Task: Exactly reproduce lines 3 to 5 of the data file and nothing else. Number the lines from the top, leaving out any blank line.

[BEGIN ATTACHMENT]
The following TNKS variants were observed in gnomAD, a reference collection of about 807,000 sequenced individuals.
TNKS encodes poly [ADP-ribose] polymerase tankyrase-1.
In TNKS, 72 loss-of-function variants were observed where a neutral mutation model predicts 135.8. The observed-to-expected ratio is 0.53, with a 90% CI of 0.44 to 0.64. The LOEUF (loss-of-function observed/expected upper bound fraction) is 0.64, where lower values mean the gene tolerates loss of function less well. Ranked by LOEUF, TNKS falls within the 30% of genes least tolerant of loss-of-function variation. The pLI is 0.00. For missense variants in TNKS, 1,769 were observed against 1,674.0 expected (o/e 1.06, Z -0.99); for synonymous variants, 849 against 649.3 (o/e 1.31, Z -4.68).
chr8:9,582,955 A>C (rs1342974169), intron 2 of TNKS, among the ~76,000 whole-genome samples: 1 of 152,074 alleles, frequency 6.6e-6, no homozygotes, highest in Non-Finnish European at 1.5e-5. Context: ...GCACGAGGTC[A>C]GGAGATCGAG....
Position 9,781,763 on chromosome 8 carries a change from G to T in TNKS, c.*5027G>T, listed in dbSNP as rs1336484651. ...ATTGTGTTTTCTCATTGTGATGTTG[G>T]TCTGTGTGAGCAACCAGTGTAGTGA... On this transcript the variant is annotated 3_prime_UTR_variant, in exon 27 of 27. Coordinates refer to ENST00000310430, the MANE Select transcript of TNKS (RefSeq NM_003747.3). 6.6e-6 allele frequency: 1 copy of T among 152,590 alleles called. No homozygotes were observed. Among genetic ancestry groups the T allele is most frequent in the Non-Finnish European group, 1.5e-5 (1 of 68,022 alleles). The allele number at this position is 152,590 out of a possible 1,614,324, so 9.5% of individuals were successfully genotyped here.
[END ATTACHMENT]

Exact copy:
In TNKS, 72 loss-of-function variants were observed where a neutral mutation model predicts 135.8. The observed-to-expected ratio is 0.53, with a 90% CI of 0.44 to 0.64. The LOEUF (loss-of-function observed/expected upper bound fraction) is 0.64, where lower values mean the gene tolerates loss of function less well. Ranked by LOEUF, TNKS falls within the 30% of genes least tolerant of loss-of-function variation. The pLI is 0.00. For missense variants in TNKS, 1,769 were observed against 1,674.0 expected (o/e 1.06, Z -0.99); for synonymous variants, 849 against 649.3 (o/e 1.31, Z -4.68).
chr8:9,582,955 A>C (rs1342974169), intron 2 of TNKS, among the ~76,000 whole-genome samples: 1 of 152,074 alleles, frequency 6.6e-6, no homozygotes, highest in Non-Finnish European at 1.5e-5. Context: ...GCACGAGGTC[A>C]GGAGATCGAG....
Position 9,781,763 on chromosome 8 carries a change from G to T in TNKS, c.*5027G>T, listed in dbSNP as rs1336484651. ...ATTGTGTTTTCTCATTGTGATGTTG[G>T]TCTGTGTGAGCAACCAGTGTAGTGA... On this transcript the variant is annotated 3_prime_UTR_variant, in exon 27 of 27. Coordinates refer to ENST00000310430, the MANE Select transcript of TNKS (RefSeq NM_003747.3). 6.6e-6 allele frequency: 1 copy of T among 152,590 alleles called. No homozygotes were observed. Among genetic ancestry groups the T allele is most frequent in the Non-Finnish European group, 1.5e-5 (1 of 68,022 alleles). The allele number at this position is 152,590 out of a possible 1,614,324, so 9.5% of individuals were successfully genotyped here.